15th December 2018 / Comments (0)

Tracemaps – Map your adventure

Epic rides – your aide memoire

We recently received an email from keen Gravel Rider and ADVNTR reader Ben Childs. Having taken on some epic rides such as the Tour Aotearoa and the gravel tracks of Sweden, he was left wondering whether he could do something to help him remember his epic rides better.

Strava feeds are all well and good, but they soon become clogged with commutes and trainer work-outs. Doesn’t your big trip deserve better?

This is where his new venture Tracemaps comes in. Using your ride data GPX, Tracemaps can plot your route on a printed map, giving you an easy way to relive your ride and share the experience with family and friends.

Ben invited us to try out Tracemaps and see for ourselves what it offers.

A simple process

Step 1: Very simple this one, visit Tracemaps and click on Map Creator.

tracemaps website

Step 2: Select the GPX file of the ride you want to upload. I decided to use my Tour Divide files. The system can handle multiple GPX files simultaneously so there’s no need to zip them or use an aggregator to make them a single file.

Tracemaps file upload

Step 3: With the file uploaded you’re presented with a preview of what the finished map will look like. Your route will be marked out in black. There are options to give your map a title and to add vital stats such as duration, distance, ascent and so on. One very neat feature is the map legend option at the base of the map. I opted for elevation but a key to the terrain and different GPX legs are also available.

Tracemaps build process

Step 4: Finally, just decide just how much wall space you can dedicate to the print, whether it should be portrait or landscape, and whether you want a frame.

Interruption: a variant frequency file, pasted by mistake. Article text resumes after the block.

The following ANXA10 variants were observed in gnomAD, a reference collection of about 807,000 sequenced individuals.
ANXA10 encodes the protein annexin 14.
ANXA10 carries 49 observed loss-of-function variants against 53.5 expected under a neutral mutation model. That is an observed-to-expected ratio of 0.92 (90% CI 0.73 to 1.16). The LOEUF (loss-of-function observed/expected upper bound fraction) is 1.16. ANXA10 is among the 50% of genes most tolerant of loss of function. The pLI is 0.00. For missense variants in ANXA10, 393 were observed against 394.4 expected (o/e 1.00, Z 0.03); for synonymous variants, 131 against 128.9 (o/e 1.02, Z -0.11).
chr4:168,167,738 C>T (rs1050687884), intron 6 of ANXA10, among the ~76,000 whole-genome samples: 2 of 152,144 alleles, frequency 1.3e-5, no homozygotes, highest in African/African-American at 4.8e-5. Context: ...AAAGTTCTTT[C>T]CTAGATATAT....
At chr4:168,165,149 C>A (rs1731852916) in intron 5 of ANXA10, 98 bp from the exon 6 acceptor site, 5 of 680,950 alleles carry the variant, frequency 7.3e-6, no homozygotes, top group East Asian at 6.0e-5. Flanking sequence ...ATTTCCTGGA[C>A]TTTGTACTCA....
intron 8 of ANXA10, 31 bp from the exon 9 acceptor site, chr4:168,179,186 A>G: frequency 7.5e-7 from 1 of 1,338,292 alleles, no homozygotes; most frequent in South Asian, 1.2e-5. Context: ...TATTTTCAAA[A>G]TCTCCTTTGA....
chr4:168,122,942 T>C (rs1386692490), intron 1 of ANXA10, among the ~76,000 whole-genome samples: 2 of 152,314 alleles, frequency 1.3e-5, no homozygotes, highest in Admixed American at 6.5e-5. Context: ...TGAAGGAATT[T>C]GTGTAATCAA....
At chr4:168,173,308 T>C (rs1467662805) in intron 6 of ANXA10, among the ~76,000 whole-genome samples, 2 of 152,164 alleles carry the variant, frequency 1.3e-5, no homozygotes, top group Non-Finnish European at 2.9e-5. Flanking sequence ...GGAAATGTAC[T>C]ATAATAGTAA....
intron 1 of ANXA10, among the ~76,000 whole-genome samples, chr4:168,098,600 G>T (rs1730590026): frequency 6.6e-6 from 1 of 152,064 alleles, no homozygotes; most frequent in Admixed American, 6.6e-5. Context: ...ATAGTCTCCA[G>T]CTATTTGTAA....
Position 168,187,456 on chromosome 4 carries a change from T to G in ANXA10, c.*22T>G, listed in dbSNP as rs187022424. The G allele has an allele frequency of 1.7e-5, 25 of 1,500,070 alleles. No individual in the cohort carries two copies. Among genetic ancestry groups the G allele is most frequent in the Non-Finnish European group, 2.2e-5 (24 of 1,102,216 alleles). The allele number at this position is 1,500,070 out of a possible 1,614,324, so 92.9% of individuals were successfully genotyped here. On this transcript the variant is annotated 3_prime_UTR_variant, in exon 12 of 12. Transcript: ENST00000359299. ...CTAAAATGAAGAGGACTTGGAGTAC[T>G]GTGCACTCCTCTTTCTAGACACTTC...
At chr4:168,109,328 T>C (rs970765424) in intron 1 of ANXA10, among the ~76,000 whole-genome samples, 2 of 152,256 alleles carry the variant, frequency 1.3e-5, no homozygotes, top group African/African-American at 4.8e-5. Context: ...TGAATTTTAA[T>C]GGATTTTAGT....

Tracemaps setting up

The finished article

All in all, creating my own Tracemap was a painless process, certainly less so than riding the divide! I didn’t have long to wait, as my finished Tracemap arrived in a few days. Taking a good photo of the finished article behind glass is nigh on impossible but it looks fantastic in the flesh.

The map has enough terrain relief detail and labelling without it getting too cluttered. It makes for a great conversation piece (That climb  or  those mosquitos!) and helps put a route into context. Whether you crossed a continent, or just have a favourite local loop, a Tracemap is a near perfect way to remember it. If I could suggest any improvements it would be give the user some control of the place names included. In order to fit a route like the Tour Divide onto an A1 print it is inevitable that you can’t include everything but perhaps a way to include the specific locations (e.g. where a leg starts and finishes) could be included. It would also be nice to able to include photos taken while on the route, especially as most smartphones are able to add geotags to images.

Tracemaps detail

Close up on Colorado

Tracemaps closeup

Just look at that elevation profile, ouch!


Probably the best way to liven up your home!


From £60

A beautiful way to remember your best ride



  • Very easy to produce
  • Multiple data options
  • Quick turnaround


  • No control over place names

Last modified: 15th December 2018

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